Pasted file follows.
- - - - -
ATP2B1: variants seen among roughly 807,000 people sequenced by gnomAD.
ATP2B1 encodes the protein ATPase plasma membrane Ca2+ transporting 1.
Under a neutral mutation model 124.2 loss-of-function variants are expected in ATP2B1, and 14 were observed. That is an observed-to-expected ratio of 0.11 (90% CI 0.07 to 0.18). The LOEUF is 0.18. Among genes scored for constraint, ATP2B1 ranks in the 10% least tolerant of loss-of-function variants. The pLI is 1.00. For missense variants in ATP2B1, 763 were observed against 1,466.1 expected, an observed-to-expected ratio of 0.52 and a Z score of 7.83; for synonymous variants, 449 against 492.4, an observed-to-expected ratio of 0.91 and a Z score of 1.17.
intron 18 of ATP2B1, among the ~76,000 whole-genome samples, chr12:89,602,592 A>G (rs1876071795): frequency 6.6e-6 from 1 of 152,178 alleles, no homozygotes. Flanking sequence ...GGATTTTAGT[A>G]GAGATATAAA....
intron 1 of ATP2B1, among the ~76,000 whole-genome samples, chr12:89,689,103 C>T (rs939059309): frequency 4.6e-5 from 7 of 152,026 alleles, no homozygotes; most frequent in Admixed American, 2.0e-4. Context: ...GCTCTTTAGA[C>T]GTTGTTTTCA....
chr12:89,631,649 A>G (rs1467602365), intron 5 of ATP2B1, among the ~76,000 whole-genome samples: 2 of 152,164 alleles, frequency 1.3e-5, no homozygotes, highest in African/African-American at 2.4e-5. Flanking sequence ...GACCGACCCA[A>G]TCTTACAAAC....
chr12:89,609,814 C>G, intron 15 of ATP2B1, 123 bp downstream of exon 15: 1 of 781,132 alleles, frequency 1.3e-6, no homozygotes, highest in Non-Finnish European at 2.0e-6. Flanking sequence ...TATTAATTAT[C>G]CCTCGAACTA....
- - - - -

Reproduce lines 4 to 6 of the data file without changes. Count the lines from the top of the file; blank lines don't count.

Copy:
intron 18 of ATP2B1, among the ~76,000 whole-genome samples, chr12:89,602,592 A>G (rs1876071795): frequency 6.6e-6 from 1 of 152,178 alleles, no homozygotes. Flanking sequence ...GGATTTTAGT[A>G]GAGATATAAA....
intron 1 of ATP2B1, among the ~76,000 whole-genome samples, chr12:89,689,103 C>T (rs939059309): frequency 4.6e-5 from 7 of 152,026 alleles, no homozygotes; most frequent in Admixed American, 2.0e-4. Context: ...GCTCTTTAGA[C>T]GTTGTTTTCA....
chr12:89,631,649 A>G (rs1467602365), intron 5 of ATP2B1, among the ~76,000 whole-genome samples: 2 of 152,164 alleles, frequency 1.3e-5, no homozygotes, highest in African/African-American at 2.4e-5. Flanking sequence ...GACCGACCCA[A>G]TCTTACAAAC....